• Hypersensitivity: Hypersensitivity reactions may occur; discontinue immediately if signs and symptoms of an allergic reaction occur; the Canadian labeling does not recommend a rechallenge.

Disease-related concerns:

• Cardiovascular disease: Use with caution in patients with cardiovascular disease (arrhythmia, coronary insufficiency, hypertension, or HF); beta-agonists may cause elevation in blood pressure and heart rate. Beta2-agonists may also produce changes in the ECG (eg, T-wave flattening, QTc prolongation, ST segment depression).

• Diabetes: Use with caution in patients with diabetes mellitus; beta2-agonists may aggravate preexisting diabetes and ketoacidosis and increase serum glucose.

• Hepatic function impairment: Use with caution in severe hepatic impairment (has not been studied).

• Hyperthyroidism: Use with caution in patients with hyperthyroidism; may stimulate thyroid activity.

• Hypokalemia: Use with caution in patients with hypokalemia; beta2-agonists may decrease serum potassium.

• Narrow angle glaucoma: Use with caution in patients with narrow angle glaucoma.

• Prostatic hyperplasia/bladder neck obstruction: Use with caution in patients with prostatic hyperplasia/bladder neck obstruction; may worsen urinary retention.

• Renal function impairment: Use with caution in patients with severe renal impairment (GFR <30 mL/minute/1.73 m2) or end-stage renal disease (ESRD) on dialysis; monitor closely.

• Seizure disorders: Use with caution in patients with seizure disorders; beta2-agonists may result in CNS stimulation/excitation.

Concurrent drug therapy issues:

• Drug-drug interactions: Potentially significant interactions may exist, requiring dose or frequency adjustment, additional monitoring, and/or selection of alternative therapy. Consult drug interactions database for more detailed information.

Dosage form specific issues:

• Lactose: Some products may contain lactose; allergic reactions possible in patients with severe milk protein allergy. Use with caution in patients with severe hypersensitivity to milk proteins; use of the Canadian product is contraindicated in patients with severe milk protein allergy.

Other warnings:

• Appropriate use: Do not use for acute episodes of COPD or for acute bronchospasm; always prescribe with an inhaled short-acting beta2-agonist (eg, albuterol) and educate patient on appropriate use. Upon initiation of the combination inhaler, use of short-acting beta2-agonists should be limited to treat acute symptoms. Do not initiate in patients with significantly worsening, potentially life-threatening, or acutely deteriorating COPD. Do not increase the dose or frequency beyond what is recommended.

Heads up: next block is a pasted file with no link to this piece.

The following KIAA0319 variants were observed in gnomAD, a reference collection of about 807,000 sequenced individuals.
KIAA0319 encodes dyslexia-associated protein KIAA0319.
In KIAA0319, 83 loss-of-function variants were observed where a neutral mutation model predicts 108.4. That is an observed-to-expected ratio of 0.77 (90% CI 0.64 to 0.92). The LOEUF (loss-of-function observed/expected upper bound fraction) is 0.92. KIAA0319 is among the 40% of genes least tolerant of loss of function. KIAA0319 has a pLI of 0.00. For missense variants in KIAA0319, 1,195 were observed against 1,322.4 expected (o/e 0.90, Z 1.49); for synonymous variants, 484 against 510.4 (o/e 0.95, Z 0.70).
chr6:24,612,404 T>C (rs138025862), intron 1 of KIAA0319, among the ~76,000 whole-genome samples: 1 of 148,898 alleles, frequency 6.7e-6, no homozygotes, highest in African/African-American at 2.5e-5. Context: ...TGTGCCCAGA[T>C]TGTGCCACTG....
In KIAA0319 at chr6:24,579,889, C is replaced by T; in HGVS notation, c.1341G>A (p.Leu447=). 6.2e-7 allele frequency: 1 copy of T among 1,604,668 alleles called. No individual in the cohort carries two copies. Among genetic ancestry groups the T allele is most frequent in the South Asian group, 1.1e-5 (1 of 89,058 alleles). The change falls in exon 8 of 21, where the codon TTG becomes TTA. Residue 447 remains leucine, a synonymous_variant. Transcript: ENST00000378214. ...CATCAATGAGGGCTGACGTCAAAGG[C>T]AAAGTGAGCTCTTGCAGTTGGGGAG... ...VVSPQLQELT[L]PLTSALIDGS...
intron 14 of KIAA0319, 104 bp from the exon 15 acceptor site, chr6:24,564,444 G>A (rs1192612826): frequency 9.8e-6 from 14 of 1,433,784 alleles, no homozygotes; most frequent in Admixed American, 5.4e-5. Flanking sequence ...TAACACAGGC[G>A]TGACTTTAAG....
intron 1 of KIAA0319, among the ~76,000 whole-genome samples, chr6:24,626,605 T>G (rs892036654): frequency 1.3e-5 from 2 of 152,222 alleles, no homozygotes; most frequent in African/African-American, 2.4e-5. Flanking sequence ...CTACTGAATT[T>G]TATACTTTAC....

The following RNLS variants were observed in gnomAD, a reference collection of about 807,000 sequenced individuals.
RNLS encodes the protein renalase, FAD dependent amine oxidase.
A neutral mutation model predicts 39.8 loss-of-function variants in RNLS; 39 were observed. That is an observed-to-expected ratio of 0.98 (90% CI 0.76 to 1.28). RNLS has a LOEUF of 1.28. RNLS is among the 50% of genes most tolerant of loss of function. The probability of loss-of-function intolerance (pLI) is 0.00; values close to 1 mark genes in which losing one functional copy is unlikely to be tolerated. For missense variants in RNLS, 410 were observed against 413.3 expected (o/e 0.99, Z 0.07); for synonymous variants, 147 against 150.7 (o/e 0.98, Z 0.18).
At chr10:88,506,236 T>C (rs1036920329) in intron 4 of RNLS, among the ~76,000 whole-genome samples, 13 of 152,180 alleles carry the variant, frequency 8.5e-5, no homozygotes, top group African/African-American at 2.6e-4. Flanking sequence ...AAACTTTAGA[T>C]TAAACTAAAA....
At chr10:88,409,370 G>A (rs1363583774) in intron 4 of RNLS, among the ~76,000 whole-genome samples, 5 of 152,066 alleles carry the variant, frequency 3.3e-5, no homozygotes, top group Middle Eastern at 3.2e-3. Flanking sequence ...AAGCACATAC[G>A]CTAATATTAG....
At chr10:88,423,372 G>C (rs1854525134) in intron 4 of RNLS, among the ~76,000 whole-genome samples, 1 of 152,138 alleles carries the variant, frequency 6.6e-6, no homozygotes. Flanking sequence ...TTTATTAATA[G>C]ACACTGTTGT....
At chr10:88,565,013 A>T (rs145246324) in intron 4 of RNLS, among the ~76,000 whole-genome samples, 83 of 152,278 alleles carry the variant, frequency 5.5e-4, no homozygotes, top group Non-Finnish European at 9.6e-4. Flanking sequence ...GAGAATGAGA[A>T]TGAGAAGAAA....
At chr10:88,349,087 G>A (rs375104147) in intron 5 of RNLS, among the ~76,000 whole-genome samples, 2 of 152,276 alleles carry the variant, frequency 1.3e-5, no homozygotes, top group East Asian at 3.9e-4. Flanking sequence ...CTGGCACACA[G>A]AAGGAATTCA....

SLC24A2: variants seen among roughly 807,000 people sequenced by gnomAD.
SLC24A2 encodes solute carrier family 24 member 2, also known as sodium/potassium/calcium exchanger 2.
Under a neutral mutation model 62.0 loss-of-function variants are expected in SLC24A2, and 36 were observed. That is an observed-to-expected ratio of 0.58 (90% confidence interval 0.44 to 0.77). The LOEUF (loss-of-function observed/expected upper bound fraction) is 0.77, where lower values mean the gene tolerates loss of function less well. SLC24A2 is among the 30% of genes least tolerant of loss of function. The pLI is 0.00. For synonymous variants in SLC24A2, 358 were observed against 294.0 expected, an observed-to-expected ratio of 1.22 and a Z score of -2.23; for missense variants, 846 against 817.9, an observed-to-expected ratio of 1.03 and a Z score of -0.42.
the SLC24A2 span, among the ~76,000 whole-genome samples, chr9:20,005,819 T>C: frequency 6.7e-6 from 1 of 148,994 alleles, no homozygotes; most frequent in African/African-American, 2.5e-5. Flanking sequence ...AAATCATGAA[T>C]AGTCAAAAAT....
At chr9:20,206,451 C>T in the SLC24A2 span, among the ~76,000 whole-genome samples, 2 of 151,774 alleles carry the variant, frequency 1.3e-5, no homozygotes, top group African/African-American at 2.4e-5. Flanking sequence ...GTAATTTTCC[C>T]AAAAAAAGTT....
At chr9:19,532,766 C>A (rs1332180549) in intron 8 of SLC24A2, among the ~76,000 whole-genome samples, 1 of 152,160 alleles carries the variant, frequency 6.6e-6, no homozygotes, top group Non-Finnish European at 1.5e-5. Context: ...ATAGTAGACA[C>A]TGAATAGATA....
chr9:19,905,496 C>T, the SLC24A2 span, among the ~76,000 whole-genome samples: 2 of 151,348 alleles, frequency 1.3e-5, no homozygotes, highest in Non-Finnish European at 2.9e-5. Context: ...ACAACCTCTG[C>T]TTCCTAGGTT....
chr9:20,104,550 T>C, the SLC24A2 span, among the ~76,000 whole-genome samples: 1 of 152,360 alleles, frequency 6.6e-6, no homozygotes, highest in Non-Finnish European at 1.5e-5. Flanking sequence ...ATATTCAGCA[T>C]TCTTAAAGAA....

Monitoring Parameters

FEV1, FVC, and/or other pulmonary function tests; serum potassium, serum glucose; blood pressure, heart rate; CNS stimulation. Monitor for increased use of short-acting beta2-agonist inhalers; may be marker of a deteriorating condition. Monitor for changes in risk factors (eg, environmental exposure, smoking status).

Pregnancy Risk Factor

C

Pregnancy Considerations

Animal reproduction studies have not been conducted with this combination. Refer to individual monographs.

Patient Education

• Discuss specific use of drug and side effects with patient as it relates to treatment. (HCAHPS: During this hospital stay, were you given any medicine that you had not taken before? Before giving you any new medicine, how often did hospital staff tell you what the medicine was for? How often did hospital staff describe possible side effects in a way you could understand?)

• Patient may experience pharyngitis, rhinitis, rhinorrhea, or back pain. Have patient report immediately to prescriber signs of high blood sugar (confusion, feeling sleepy, more thirst, hunger, passing urine more often, flushing, fast breathing, or breath that smells like fruit), signs of low potassium (muscle pain or weakness, muscle cramps, or an abnormal heartbeat), angina, tachycardia, arrhythmia, severe headache, severe dizziness, passing out, painful urination, change in amount of urine passed, urinary retention, difficult urination, difficulty swallowing, vision changes, eye pain, severe eye irritation, red eyes, seeing halos or bright colors around lights, severe nausea, severe vomiting, difficulty breathing, wheezing, or cough (HCAHPS).

• Educate patient about signs of a significant reaction (eg, wheezing; chest tightness; fever; itching; bad cough; blue skin color; seizures; or swelling of face, lips, tongue, or throat). Note: This is not a comprehensive list of all side effects. Patient should consult prescriber for additional questions.

Intended Use and Disclaimer: Should not be printed and given to patients. This information is intended to serve as a concise initial reference for health care professionals to use when discussing medications with a patient. You must ultimately rely on your own discretion, experience, and judgment in diagnosing, treating, and advising patients.